Plea to stop lorries using Mynyddislwyn country lane as short cut

A WOMAN has spoken of a near-miss with a lorry, after an incident that demonstrates why a community want Caerphilly council to do something to stop heavy goods vehicles using a narrow country lane. Diane Smith from Pentwynmawr was driving through Mynyddislwyn when she had a lucky escape from an HGV coming the other way. “It was on the wide part of the lane and the police said if it had been a few feet further down, I’d have been dead,” said Mrs Smith.

Diane Smith’s car after the incident On Monday August 24, Mrs Smith was driving along the lane when she spotted the HGV. “Knowing that the two of us would not fit, I pulled in and tried to signal to the HGV driver to say to wait and I would back out so that there was room for it to pass,” she said.

“But he just kept coming and I just covered my head with my hands and waited.” The HGV crashed into the side of the car and pulled it back out, but if it happened just feet further into the lane, it would have been a head-on collision. “I’m lucky that I just have bruises on my leg, but I was physically sick from the shock,” said Mrs Smith.

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The 10 worst roads in Gwent for speeding, according to you The driver apologised and said that he was following his satnav, which leads the vehicles through the lane as a shortcut to reach the factories on Nine Mile Point, despite council signs asking HGVs to ignore the satnav. “Something has to be done, it is lucky that no-one has been killed.

But do we have to wait until someone is killed before anything gets done?,” Mrs Smith said. Her near-miss is just the latest in a string of incidents around Mynddislwyn that involved HGVs on their way to or from Nine Mile Point on the B4751, by going over the mountain from the north (Sainsbury’s roundabout). In November 2017, there was an extremely lucky escape for one person whose car was crushed by a HGV as it drove past, luckily without the driver inside.

The car in November 2017 St Tudor’s Church in Mynyddislwyn is a Grade II listed building and the drystone wall of the graveyard has been damaged 12 times in recent years,with the latest being early last month. A section that passes by St Tudors Church and graveyard.

Picture: Google Maps An open letter sent to Caerphilly County Borough Council leader Christina Harrhy which was seen by the South Wales Argus expresses the frustration of the community, and the urgency of the situation. The letter, written by Elizabeth Tomlin, churchwarden of St Tudor’s Church, explains that the cost to replace the wall, which surrounds the building and the ancient graveyard passes GBP20,000.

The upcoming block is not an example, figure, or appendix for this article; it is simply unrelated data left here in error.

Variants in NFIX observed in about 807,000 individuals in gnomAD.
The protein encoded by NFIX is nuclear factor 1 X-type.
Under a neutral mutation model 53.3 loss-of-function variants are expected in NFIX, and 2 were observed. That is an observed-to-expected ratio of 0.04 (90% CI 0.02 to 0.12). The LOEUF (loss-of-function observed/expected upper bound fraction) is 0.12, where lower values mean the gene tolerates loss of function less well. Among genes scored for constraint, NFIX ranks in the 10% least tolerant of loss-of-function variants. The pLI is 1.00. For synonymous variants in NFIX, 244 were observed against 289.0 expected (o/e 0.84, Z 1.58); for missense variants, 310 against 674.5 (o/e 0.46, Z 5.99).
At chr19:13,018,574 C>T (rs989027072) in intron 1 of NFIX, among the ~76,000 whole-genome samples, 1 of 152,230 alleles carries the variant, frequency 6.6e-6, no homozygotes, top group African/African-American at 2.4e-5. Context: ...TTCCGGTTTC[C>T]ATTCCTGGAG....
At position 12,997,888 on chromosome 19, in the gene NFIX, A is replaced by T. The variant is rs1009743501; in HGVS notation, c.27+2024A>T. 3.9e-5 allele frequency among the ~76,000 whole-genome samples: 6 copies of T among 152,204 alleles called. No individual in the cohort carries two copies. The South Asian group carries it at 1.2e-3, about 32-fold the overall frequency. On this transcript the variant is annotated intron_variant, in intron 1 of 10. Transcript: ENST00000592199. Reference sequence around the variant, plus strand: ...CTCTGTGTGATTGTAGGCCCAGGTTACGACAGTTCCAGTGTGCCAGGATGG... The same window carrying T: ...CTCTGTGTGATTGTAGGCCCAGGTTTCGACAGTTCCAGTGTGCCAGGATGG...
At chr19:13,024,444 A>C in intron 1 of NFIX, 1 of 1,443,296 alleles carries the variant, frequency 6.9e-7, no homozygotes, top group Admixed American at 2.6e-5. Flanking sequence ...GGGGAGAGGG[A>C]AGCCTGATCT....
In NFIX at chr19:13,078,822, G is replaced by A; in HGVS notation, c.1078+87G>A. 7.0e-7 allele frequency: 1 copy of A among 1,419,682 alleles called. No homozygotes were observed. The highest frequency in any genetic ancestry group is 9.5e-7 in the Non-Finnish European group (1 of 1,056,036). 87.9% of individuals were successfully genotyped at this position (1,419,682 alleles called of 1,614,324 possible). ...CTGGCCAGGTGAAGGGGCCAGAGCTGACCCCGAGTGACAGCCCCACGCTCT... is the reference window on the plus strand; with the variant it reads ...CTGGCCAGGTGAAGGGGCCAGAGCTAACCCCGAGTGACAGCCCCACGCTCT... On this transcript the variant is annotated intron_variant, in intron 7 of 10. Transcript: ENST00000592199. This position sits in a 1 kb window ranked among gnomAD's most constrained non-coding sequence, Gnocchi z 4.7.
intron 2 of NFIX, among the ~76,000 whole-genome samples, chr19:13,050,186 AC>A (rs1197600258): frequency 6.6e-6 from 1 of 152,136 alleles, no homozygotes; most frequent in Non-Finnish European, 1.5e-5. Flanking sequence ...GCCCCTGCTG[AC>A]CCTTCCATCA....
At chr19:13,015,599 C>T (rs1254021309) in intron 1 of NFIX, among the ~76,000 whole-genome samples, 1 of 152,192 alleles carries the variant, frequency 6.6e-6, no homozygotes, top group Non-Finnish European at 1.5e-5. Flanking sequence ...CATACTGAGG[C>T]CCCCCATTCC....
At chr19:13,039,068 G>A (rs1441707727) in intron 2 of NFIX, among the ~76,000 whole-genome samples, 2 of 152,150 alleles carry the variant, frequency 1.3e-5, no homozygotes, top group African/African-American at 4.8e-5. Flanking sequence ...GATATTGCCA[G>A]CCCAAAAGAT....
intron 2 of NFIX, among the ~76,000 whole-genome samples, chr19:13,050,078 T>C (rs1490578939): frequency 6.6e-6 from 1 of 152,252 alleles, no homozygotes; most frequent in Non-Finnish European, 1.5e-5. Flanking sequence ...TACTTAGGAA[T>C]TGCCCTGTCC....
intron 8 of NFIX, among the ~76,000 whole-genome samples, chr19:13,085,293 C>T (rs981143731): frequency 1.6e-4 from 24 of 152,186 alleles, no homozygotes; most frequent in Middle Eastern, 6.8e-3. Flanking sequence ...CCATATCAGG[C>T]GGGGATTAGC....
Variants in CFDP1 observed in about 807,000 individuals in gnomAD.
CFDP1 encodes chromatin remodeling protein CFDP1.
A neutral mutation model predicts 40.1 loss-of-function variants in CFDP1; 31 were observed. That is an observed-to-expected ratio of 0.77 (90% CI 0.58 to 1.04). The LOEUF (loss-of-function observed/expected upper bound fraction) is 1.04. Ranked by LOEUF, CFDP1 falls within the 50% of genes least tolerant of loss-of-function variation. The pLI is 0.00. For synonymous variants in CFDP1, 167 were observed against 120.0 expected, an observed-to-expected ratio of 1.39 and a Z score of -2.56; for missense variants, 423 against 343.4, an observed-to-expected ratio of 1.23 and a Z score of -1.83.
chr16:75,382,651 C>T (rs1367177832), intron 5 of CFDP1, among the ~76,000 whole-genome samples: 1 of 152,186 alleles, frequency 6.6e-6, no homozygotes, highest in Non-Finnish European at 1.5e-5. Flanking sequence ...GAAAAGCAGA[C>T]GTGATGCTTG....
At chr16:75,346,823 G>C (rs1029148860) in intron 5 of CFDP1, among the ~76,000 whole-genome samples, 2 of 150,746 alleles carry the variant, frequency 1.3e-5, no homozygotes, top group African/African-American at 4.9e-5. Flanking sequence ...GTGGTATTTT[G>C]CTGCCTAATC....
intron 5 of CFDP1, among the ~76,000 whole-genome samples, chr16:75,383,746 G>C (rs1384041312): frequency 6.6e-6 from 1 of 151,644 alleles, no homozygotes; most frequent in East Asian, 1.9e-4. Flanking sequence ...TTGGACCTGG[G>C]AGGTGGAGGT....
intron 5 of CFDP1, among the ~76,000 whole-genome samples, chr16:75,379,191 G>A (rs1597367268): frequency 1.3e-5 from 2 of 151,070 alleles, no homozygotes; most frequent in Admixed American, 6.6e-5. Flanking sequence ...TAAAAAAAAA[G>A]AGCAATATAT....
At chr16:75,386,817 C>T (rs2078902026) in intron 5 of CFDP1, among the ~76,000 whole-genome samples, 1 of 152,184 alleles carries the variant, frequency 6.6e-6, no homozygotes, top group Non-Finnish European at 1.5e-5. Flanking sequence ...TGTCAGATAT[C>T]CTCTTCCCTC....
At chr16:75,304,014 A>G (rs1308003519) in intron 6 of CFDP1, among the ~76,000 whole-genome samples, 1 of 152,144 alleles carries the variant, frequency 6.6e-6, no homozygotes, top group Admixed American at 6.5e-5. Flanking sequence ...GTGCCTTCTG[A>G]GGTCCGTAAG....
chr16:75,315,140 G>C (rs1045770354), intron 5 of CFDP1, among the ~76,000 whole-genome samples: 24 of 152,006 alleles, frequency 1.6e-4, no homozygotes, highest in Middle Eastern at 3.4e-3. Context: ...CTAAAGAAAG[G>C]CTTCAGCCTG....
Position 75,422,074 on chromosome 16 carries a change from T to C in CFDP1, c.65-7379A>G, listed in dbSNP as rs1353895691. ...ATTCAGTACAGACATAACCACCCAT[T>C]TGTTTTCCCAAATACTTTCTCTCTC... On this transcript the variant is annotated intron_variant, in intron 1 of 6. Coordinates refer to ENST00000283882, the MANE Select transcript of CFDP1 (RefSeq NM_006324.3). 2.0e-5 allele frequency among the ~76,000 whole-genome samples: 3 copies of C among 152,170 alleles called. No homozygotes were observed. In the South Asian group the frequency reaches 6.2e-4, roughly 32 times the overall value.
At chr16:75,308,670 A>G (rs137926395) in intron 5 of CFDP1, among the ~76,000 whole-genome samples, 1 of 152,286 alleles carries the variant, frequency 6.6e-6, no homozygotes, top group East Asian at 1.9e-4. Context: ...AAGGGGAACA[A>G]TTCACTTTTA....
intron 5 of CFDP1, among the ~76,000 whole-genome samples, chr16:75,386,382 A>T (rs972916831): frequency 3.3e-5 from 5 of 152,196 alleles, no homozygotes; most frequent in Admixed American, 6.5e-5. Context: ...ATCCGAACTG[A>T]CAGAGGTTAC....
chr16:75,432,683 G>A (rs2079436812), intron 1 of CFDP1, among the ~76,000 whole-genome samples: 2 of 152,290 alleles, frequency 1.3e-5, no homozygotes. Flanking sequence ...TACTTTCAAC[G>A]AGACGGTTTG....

Residents and farm owners have also had damage done to their property by the passing vehicles. In an extract from the letter, Mrs Tomlin acknowledges the council’s efforts but feels more needs to be done. She writes: “The council did respond in 2017 to the Church Council’s request to upgrade signposting, by putting signage along the dual carriageway instead of just the one on the roundabout.

“Drivers, however, are either simply ignoring them or don’t understand them. One driver said he’d seen the sign but thought it meant that trucks were only allowed provided they were fitted with satnav.” The letter also stated some recommendations that Mrs Tomlin asks the council to consider to prevent further incidents.

One of the signs in Pontllanfraith warning the road is unsuitable for HGVs. Picture: Google Maps These include: a sign indicating a ‘7.5T’ restriction positioned about 35 metres up the lane from the roundabout and possibly another at the beginning of the triangle of land between the two roads before the entrance to the gun club – the last place that it is reasonably safe for a HGV to reverse.

The width of the lane following the above sign. Picture: Google Maps There is also a recommendation to have road surface markings saying for no HGVs immediately after the roundabout and positioning the ‘road narrows’ sign at the land before the gun club entrance to further enhance the message that this is the last place a HGV can safely reverse.

A spokesman for Caerphilly county borough council said: “This is an ongoing issue, so the council has improved the signage in the vicinity to deter HGV vehicles from using the route. These include: o ‘Unsuitable for HGVs’ sign erected at Pentwynmawr roundabout

o The above sign was replaced with a pictorial sign advising drivers to ignore satnav as the local community considered that foreign drivers could not understand the text version – the sign is suitably located and is clearly visible to approaching drivers. o Signs erected on bothy approaches to A472 Sainsbury’s roundabout. o Signs erected on Troed-Y-Rhiw Road in Wattsville.

o ‘Unsuitable for HGVs’ sign erected on triangular grassed area in lane.”

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